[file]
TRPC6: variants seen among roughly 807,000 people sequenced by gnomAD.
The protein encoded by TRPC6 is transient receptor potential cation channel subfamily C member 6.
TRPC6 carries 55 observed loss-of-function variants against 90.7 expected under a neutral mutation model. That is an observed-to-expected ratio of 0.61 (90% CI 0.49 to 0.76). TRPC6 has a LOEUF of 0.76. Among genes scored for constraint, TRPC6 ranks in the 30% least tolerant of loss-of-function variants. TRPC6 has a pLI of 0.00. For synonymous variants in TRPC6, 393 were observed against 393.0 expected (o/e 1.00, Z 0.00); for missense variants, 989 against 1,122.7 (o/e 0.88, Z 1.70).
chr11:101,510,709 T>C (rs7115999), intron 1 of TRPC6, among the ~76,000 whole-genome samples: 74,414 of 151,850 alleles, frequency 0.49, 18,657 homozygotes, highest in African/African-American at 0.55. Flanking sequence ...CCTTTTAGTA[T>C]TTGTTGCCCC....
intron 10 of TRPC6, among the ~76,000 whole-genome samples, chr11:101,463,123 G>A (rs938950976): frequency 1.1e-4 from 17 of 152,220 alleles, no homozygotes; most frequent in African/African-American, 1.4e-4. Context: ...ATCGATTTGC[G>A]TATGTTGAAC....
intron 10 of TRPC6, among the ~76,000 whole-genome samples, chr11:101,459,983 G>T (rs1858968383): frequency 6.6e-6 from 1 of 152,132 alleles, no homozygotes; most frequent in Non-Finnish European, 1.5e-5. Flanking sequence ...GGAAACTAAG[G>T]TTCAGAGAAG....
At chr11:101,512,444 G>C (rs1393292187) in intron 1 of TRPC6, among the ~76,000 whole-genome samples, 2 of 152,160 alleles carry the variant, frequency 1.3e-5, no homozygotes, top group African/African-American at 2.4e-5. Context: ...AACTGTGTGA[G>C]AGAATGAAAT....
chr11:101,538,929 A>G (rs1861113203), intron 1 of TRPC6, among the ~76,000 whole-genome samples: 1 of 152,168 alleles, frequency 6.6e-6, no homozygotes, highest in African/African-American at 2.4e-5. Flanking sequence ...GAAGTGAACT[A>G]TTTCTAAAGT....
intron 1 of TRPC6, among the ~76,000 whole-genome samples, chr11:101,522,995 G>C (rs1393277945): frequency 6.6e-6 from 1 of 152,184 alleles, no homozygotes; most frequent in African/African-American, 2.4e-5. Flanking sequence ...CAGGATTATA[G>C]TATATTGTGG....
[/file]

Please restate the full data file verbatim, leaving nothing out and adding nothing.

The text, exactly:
TRPC6: variants seen among roughly 807,000 people sequenced by gnomAD.
The protein encoded by TRPC6 is transient receptor potential cation channel subfamily C member 6.
TRPC6 carries 55 observed loss-of-function variants against 90.7 expected under a neutral mutation model. That is an observed-to-expected ratio of 0.61 (90% CI 0.49 to 0.76). TRPC6 has a LOEUF of 0.76. Among genes scored for constraint, TRPC6 ranks in the 30% least tolerant of loss-of-function variants. TRPC6 has a pLI of 0.00. For synonymous variants in TRPC6, 393 were observed against 393.0 expected (o/e 1.00, Z 0.00); for missense variants, 989 against 1,122.7 (o/e 0.88, Z 1.70).
chr11:101,510,709 T>C (rs7115999), intron 1 of TRPC6, among the ~76,000 whole-genome samples: 74,414 of 151,850 alleles, frequency 0.49, 18,657 homozygotes, highest in African/African-American at 0.55. Flanking sequence ...CCTTTTAGTA[T>C]TTGTTGCCCC....
intron 10 of TRPC6, among the ~76,000 whole-genome samples, chr11:101,463,123 G>A (rs938950976): frequency 1.1e-4 from 17 of 152,220 alleles, no homozygotes; most frequent in African/African-American, 1.4e-4. Context: ...ATCGATTTGC[G>A]TATGTTGAAC....
intron 10 of TRPC6, among the ~76,000 whole-genome samples, chr11:101,459,983 G>T (rs1858968383): frequency 6.6e-6 from 1 of 152,132 alleles, no homozygotes; most frequent in Non-Finnish European, 1.5e-5. Flanking sequence ...GGAAACTAAG[G>T]TTCAGAGAAG....
At chr11:101,512,444 G>C (rs1393292187) in intron 1 of TRPC6, among the ~76,000 whole-genome samples, 2 of 152,160 alleles carry the variant, frequency 1.3e-5, no homozygotes, top group African/African-American at 2.4e-5. Context: ...AACTGTGTGA[G>C]AGAATGAAAT....
chr11:101,538,929 A>G (rs1861113203), intron 1 of TRPC6, among the ~76,000 whole-genome samples: 1 of 152,168 alleles, frequency 6.6e-6, no homozygotes, highest in African/African-American at 2.4e-5. Flanking sequence ...GAAGTGAACT[A>G]TTTCTAAAGT....
intron 1 of TRPC6, among the ~76,000 whole-genome samples, chr11:101,522,995 G>C (rs1393277945): frequency 6.6e-6 from 1 of 152,184 alleles, no homozygotes; most frequent in African/African-American, 2.4e-5. Flanking sequence ...CAGGATTATA[G>C]TATATTGTGG....